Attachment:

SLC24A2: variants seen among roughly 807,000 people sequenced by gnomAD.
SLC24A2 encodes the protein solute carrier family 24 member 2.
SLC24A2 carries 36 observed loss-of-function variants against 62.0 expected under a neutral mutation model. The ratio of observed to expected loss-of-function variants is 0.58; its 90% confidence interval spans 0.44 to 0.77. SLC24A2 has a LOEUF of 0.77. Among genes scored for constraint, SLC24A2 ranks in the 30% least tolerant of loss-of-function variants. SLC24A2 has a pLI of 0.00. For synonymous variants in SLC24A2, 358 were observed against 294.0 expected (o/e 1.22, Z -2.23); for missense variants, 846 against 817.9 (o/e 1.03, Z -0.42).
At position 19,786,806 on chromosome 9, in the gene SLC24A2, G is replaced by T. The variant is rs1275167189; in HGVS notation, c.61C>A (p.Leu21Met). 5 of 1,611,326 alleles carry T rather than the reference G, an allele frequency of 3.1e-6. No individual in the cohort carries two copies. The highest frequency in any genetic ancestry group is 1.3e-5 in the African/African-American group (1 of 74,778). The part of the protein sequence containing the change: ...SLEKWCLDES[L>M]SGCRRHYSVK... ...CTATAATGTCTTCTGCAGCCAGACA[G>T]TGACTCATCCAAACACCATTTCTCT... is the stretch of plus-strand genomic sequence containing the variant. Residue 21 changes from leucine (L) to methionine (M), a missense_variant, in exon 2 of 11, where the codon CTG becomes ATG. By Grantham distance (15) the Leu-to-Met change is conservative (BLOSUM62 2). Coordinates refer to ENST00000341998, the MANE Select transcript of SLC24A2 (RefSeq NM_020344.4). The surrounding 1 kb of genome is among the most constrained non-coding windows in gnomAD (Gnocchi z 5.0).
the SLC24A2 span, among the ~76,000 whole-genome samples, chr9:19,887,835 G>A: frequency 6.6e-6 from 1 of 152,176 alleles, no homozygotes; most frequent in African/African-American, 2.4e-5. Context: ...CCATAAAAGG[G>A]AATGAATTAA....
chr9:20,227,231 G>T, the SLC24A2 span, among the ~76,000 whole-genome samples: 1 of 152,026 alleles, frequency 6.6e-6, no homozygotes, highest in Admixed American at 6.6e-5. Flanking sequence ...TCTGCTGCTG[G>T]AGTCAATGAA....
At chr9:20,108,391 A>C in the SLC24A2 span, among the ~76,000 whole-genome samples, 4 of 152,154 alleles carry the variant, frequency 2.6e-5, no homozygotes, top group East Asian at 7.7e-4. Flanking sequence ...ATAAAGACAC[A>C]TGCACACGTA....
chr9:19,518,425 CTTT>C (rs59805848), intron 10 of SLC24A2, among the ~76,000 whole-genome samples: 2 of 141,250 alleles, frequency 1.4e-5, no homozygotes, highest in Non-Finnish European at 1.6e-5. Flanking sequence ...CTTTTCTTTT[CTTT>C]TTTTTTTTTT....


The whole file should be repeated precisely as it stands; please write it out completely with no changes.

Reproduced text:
SLC24A2: variants seen among roughly 807,000 people sequenced by gnomAD.
SLC24A2 encodes the protein solute carrier family 24 member 2.
SLC24A2 carries 36 observed loss-of-function variants against 62.0 expected under a neutral mutation model. The ratio of observed to expected loss-of-function variants is 0.58; its 90% confidence interval spans 0.44 to 0.77. SLC24A2 has a LOEUF of 0.77. Among genes scored for constraint, SLC24A2 ranks in the 30% least tolerant of loss-of-function variants. SLC24A2 has a pLI of 0.00. For synonymous variants in SLC24A2, 358 were observed against 294.0 expected (o/e 1.22, Z -2.23); for missense variants, 846 against 817.9 (o/e 1.03, Z -0.42).
At position 19,786,806 on chromosome 9, in the gene SLC24A2, G is replaced by T. The variant is rs1275167189; in HGVS notation, c.61C>A (p.Leu21Met). 5 of 1,611,326 alleles carry T rather than the reference G, an allele frequency of 3.1e-6. No individual in the cohort carries two copies. The highest frequency in any genetic ancestry group is 1.3e-5 in the African/African-American group (1 of 74,778). The part of the protein sequence containing the change: ...SLEKWCLDES[L>M]SGCRRHYSVK... ...CTATAATGTCTTCTGCAGCCAGACA[G>T]TGACTCATCCAAACACCATTTCTCT... is the stretch of plus-strand genomic sequence containing the variant. Residue 21 changes from leucine (L) to methionine (M), a missense_variant, in exon 2 of 11, where the codon CTG becomes ATG. By Grantham distance (15) the Leu-to-Met change is conservative (BLOSUM62 2). Coordinates refer to ENST00000341998, the MANE Select transcript of SLC24A2 (RefSeq NM_020344.4). The surrounding 1 kb of genome is among the most constrained non-coding windows in gnomAD (Gnocchi z 5.0).
the SLC24A2 span, among the ~76,000 whole-genome samples, chr9:19,887,835 G>A: frequency 6.6e-6 from 1 of 152,176 alleles, no homozygotes; most frequent in African/African-American, 2.4e-5. Context: ...CCATAAAAGG[G>A]AATGAATTAA....
chr9:20,227,231 G>T, the SLC24A2 span, among the ~76,000 whole-genome samples: 1 of 152,026 alleles, frequency 6.6e-6, no homozygotes, highest in Admixed American at 6.6e-5. Flanking sequence ...TCTGCTGCTG[G>T]AGTCAATGAA....
At chr9:20,108,391 A>C in the SLC24A2 span, among the ~76,000 whole-genome samples, 4 of 152,154 alleles carry the variant, frequency 2.6e-5, no homozygotes, top group East Asian at 7.7e-4. Flanking sequence ...ATAAAGACAC[A>C]TGCACACGTA....
chr9:19,518,425 CTTT>C (rs59805848), intron 10 of SLC24A2, among the ~76,000 whole-genome samples: 2 of 141,250 alleles, frequency 1.4e-5, no homozygotes, highest in Non-Finnish European at 1.6e-5. Flanking sequence ...CTTTTCTTTT[CTTT>C]TTTTTTTTTT....